“. . . From inauspicious beginnings on the edge of a minor European archipelago, it has grown to vast size and astonishing influence. Almost 400m people speak it as their first language; a billion more know it as a secondary tongue. It is an official language in at least 59 countries, the unofficial lingua franca of dozens more. No language in history has been used by so many people or spanned a greater portion of the globe. It is aspirational: the golden ticket to the worlds of education and international commerce, a parent’s dream and a student’s misery, winnower of the haves from the have-nots. It is inescapable: the language of global business, the internet, science, diplomacy, stellar navigation, avian pathology. And everywhere it goes, it leaves behind a trail of dead: dialects crushed, languages forgotten, literatures mangled.”
“It,” as you have surely guessed, is English. The above quote is from a Guardian article that details the huge influence that English has around the world.
I found the article interesting for three reasons. First, WordPress, which hosts my blog, provides me with information on the homelands of the people who visit Book Notes Plus. Many come from the United States, Canada, and the United Kingdom, but I also have visitors from many countries where English is not the primary language.
Second, I have had many friends from non-English speaking countries. Many of them decry our reluctance to learn their languages even when we live in their countries for many years. They are insulted, and see us as haughty people who think it’s demeaning to speak anything but English. The message they get is that, “if you want to speak to me, you’ll have to learn English – even when I’m in your country.”
An Italian friend of mine once told me a joke that speaks to this issue:
Question: What do you call someone who speaks many languages?
Answer: A polyglot.
Q: What do you call someone who speaks two languages?
Q: What do you call someone who speaks only one language?
A: An American.
Third, I was astounded to read that authors who write in languages other than English are so interested in having their books translated into English that they are dumbing down and simplifying their writing so that their works can more easily be translated into English.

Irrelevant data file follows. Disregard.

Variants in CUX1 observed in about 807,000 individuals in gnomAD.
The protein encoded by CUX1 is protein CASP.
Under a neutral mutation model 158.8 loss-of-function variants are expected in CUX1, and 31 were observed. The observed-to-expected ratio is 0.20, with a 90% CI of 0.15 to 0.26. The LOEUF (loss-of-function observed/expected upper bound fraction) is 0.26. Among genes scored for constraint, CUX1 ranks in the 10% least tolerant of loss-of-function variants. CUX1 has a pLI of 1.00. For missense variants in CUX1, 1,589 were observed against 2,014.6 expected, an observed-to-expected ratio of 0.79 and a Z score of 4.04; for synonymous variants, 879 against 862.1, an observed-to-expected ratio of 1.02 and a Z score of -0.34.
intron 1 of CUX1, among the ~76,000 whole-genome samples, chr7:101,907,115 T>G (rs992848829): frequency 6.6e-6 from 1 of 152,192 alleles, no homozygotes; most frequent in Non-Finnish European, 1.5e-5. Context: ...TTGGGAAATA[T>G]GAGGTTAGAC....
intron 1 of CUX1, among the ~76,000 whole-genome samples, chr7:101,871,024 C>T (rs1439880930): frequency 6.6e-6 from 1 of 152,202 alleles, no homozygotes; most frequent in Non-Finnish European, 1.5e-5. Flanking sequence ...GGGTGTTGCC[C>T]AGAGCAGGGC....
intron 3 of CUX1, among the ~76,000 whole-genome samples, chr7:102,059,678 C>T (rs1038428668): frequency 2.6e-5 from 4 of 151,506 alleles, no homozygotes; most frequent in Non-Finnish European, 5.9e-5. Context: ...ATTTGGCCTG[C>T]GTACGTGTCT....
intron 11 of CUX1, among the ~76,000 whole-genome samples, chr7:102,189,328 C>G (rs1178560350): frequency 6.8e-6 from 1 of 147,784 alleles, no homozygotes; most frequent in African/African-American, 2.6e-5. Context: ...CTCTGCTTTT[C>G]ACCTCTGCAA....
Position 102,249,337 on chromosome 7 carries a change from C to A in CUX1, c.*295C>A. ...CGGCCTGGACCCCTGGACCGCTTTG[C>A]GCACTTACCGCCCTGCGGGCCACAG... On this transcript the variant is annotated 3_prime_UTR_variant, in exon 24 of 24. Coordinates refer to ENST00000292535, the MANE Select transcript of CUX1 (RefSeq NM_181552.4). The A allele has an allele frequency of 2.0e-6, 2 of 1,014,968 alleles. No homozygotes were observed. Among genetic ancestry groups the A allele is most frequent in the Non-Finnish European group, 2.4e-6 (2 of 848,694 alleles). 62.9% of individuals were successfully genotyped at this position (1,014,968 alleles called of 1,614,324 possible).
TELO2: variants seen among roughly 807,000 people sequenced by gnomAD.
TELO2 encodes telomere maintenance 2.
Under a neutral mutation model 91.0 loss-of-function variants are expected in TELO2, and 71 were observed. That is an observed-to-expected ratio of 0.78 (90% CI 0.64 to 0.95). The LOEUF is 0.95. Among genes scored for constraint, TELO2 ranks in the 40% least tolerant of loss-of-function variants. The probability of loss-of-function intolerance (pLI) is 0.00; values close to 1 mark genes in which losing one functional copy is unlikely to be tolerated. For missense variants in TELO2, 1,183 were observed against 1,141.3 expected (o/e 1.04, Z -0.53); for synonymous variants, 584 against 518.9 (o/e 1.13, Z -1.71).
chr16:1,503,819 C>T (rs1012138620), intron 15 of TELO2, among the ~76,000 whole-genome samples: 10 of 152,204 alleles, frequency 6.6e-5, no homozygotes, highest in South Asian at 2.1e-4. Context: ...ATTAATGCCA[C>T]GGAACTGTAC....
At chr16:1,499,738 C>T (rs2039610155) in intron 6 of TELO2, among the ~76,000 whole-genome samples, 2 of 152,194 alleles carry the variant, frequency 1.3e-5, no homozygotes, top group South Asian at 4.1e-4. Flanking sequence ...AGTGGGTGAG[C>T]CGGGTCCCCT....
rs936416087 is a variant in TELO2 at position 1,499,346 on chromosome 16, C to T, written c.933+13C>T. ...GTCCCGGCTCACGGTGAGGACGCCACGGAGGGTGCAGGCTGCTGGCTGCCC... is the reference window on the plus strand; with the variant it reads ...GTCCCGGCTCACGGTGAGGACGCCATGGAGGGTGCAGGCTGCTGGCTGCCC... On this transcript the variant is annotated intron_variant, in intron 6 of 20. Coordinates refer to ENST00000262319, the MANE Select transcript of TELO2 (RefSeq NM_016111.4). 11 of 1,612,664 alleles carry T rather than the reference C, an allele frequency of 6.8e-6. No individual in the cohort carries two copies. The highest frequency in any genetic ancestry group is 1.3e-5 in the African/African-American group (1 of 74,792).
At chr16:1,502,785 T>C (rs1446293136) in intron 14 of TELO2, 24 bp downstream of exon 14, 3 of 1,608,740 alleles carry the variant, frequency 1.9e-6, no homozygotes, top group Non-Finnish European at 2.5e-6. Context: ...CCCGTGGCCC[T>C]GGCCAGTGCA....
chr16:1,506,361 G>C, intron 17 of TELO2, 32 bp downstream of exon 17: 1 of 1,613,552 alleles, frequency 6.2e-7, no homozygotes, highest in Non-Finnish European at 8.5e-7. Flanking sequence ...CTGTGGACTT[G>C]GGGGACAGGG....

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One of the things that fascinates me about the Harry Potter novels is JK Rowling’s inventive use of words. I have no idea how she came up with the diverse and clever words that help to make the story of Harry Potter and his world so interesting, but that very uniqueness of language has made the Harry Potter series a nightmare for translators.
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“I got on my soapbox about how important it is for my son to take life seriously. Then things went haywire when I noticed that he was texting his girlfriend while I was talking to him. I went bananas! I called him on the carpet and read him the riot act. ‘I won’t put up with such tomfoolery,’ I shouted. It was then that I noticed the trace of a smile on his face. He was really pushing the envelope and he knew it! And I knew that I had my work cut out for me.”
The above paragraph contains almost half of the 16 common phrases whose origins are discussed in an article from Mental Floss.
In case you’re wondering, I never had the above encounter with my son. I made it up. In fact, he is, hands down, an exceptional son, husband and father.
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There is “narcissism” and then there is “malignant narcissism.” The term “malignant narcissism” was first used by psychologist Erich Fromm in his 1964 book The Heart of Man: Its Genius for Good and Evil. According to Wikipedia, Fromm defined it as a “severe mental sickness representing ‘the quintessence of evil,’ and ‘the most severe pathology and the root of the most vicious destructiveness and inhumanity.’ Again quoting Wikipedia, [psychoanalyst Otto] “Kernberg described malignant narcissism as a syndrome characterized by a narcissistic personality disorder (NPD), antisocial features, paranoid traits, and egosyntonic aggression. Other symptoms may include an absence of conscience, a psychological need for power, and a sense of importance (grandiosity). [Psychoanalyst Griselda] Pollock wrote: ‘The malignant narcissist is presented as pathologically grandiose, lacking in conscience and behavioral regulation with characteristic demonstrations of joyful cruelty and sadism.’”
A 2017 Psychology Today article by Rhonda Freeman, Ph.D., entitled “How to Tell You’re Dealing with a Malignant Narcissist” explores the disorder in depth.
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The English language has borrowed numerous Latin words and phrases which we use every day without ever realizing it. Mental Floss offers us 20 Latin phrases that we should be using, but probably aren’t.
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At the Oxford Dictionaries website you’ll find lots of interesting articles about words. One that caught my eye was entitled, “Something’s Afoot.” It’s about the origins of the names for five different types of shoes.
Another interesting article is about words and phrases that Guardian columnist Gary Nunn predicts will become extinct within our lifetimes.
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Where do words come from? The answer is that they come from everywhere – from other languages, from combining two words into one, and even from assigning new definitions to existing words. All of this, and more, is explored in a TED-Ed talk.